Help—we’re running out of criminals

The jail closings will see 1,200 jobs slashed in the prison system

Help—we're running out of criminalsSome problems are good ones to have. After facing a shortage of prison cells in the ’90s, Holland is now running out of criminals. Last week, the Justice Ministry announced a plan to close eight prisons because a declining crime rate has left nearly 2,000 cells empty. The ministry currently has a capacity to house 14,000 adult prisoners, but only has 12,000 detainees. Meanwhile, Deputy Justice Minister Nebahat Albayrak has told the Dutch parliament that the ministry estimates the decline in crime rates will continue for some time. (According to the International Centre for Prison Studies in London, the Netherlands housed a total of over 20,000 inmates, including juveniles and illegal aliens, in 2004. In 2007 the number fell to close to 18,000.)

Not everyone is pleased, since the closures will also see 1,200 jobs slashed. Both the right-wing Dutch Freedom Party and left-wing Socialist Party oppose the job cuts and dispute the idea of a prison overcapacity—and say they would like to see more criminals spend time in jail. But Albayrak maintains the plan will proceed, although she has said the unions representing workers in the prison system will be consulted (according to some reports the government could save over $258 million by shutting down the prisons).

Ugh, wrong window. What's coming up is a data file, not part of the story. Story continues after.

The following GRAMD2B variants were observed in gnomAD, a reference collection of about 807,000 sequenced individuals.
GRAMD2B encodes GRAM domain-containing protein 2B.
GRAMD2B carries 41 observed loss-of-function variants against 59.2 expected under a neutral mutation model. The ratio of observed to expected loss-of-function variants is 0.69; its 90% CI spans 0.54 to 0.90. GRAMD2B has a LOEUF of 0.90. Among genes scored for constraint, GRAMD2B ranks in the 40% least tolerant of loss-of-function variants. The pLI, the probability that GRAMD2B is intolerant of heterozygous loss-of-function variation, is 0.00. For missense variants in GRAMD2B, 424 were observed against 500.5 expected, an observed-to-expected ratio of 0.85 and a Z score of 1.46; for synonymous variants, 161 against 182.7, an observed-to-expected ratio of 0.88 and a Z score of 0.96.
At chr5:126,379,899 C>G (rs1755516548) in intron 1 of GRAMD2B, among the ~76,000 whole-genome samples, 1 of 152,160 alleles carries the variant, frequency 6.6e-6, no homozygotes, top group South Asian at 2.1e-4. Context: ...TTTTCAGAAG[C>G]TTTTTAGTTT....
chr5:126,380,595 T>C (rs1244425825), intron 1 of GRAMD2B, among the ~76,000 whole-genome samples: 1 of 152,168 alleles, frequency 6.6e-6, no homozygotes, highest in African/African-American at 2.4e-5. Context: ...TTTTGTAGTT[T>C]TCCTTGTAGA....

Some respite for the prison workers could come through a deal worth almost $47 million to temporarily place 500 criminals from neighbouring Belgium behind Dutch bars (Belgium is currently facing a shortage of over 1,500 cells, as incidents of low-level street crime such as pickpocketing is on the rise). Albayrak has confirmed that both countries are working to possibly transfer the prisoners to the Tilburg prison by 2010, and has also reportedly expressed her interest in renovating Dutch prisons to help Cyprus deal with its illegal immigration problems and political asylum seekers.

Looking for more?

Get the Best of Maclean's sent straight to your inbox. Sign up for news, commentary and analysis.